Investment Fees

Last updated: April 13, 2016

Fees You Should Expect to Pay

Investors should understand all fees and charges associated with their investments:

  • Understand how the broker or investment adviser is paid. 
  • Ask for a copy of the firm’s commission schedule. 
  • Investment advisers must disclose all fees in the signed contract.

Commissions: Higher the Risk, Higher the Commission

In general, brokerage firms collect the highest commissions on the complicated and risky investments. 

The sale of actively traded stocks generates lower commissions.  Commissions on even less risky investments, such as U.S. Treasury bonds, are even lower.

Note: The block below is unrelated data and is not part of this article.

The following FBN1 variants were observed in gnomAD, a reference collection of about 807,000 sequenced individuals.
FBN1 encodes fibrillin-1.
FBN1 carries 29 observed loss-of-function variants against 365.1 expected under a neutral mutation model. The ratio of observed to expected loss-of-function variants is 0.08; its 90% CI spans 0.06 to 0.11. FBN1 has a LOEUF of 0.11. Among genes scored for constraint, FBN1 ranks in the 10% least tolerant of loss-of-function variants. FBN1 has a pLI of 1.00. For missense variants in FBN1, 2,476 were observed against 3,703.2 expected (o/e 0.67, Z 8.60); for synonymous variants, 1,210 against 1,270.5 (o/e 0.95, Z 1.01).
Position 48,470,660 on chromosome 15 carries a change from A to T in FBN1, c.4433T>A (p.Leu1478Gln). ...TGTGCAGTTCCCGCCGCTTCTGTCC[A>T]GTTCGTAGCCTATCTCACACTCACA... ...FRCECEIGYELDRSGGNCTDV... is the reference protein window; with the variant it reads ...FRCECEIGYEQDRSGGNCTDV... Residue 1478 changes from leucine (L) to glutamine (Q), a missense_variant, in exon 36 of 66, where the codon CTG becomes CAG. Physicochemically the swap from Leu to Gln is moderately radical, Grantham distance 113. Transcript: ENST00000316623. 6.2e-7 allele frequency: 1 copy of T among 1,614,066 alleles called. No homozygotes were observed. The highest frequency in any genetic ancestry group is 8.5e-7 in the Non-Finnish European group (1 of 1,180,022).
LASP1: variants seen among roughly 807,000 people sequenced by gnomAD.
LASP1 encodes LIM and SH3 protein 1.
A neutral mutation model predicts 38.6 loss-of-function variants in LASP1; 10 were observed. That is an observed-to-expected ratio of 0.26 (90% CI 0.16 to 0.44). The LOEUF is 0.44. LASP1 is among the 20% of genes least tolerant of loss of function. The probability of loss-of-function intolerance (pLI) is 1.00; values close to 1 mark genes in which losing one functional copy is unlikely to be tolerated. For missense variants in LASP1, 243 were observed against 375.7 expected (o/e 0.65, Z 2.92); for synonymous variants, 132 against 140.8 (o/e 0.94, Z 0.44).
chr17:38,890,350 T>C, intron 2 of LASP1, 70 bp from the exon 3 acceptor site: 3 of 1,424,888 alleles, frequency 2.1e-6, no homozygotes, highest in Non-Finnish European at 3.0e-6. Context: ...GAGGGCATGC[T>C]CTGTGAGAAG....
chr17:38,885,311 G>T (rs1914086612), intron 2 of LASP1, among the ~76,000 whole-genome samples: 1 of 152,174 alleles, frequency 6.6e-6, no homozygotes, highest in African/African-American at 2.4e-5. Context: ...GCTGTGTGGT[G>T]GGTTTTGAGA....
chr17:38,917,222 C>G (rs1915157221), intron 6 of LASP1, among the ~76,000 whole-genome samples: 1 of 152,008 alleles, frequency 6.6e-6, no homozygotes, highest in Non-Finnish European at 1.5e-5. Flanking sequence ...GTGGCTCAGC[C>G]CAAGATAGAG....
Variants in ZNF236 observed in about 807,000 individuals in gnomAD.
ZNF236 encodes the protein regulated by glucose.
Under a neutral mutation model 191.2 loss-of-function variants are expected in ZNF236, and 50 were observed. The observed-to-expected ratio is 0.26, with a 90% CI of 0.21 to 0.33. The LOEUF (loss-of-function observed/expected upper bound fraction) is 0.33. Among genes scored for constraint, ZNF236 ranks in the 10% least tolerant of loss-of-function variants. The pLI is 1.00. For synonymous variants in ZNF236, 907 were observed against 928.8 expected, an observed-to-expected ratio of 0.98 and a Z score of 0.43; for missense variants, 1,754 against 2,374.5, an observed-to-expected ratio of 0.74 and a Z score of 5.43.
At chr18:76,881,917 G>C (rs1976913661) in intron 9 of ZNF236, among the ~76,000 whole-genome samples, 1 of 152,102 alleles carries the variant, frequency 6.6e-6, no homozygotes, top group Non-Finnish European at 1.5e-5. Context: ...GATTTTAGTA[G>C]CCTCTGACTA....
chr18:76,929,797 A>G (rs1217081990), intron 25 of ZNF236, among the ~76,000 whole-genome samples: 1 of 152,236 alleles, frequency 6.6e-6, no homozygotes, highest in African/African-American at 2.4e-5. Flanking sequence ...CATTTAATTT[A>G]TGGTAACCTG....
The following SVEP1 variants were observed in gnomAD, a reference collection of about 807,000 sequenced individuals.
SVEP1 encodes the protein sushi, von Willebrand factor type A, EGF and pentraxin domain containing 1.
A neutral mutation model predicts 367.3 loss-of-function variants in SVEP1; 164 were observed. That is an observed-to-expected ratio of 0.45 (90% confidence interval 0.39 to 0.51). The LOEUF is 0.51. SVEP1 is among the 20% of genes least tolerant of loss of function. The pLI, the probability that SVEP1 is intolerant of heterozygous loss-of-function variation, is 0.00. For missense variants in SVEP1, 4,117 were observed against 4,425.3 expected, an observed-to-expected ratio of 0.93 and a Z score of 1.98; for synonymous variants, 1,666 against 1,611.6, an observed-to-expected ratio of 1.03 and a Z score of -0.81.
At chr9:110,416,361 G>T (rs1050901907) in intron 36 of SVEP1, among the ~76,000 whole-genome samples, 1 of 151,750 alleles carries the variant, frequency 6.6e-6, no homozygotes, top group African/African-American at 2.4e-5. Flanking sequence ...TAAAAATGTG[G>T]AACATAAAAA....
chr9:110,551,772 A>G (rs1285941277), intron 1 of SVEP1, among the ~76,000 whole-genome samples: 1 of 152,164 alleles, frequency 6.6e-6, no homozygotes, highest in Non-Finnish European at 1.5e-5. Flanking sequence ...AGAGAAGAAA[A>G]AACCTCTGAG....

Whatever the investment, the broker receives a certain percentage of the commission. The brokerage firm receives the rest. This amount is stated in his agreement with the brokerage firm.

Other Ways Advisers Get Paid

Investment advisers receive compensation in several ways. They may charge:

  • A flat fee
  • An hourly fee
  • A percentage of assets under management
  • Commissions from product sales
  • Or any combination of these.

Account management fees also may be charged to the consumer. 

  • These fees could be an annual charge to maintain an account. 
  • An account that fails to generate any commission within a year could generate a fee.

*The information on this page is credited to IPT and Kiplinger. Their original materials are made available on the Kansas Securities Commissioner's website.

This article is published on KansasMoney.gov. Find more information by contacting these state agencies: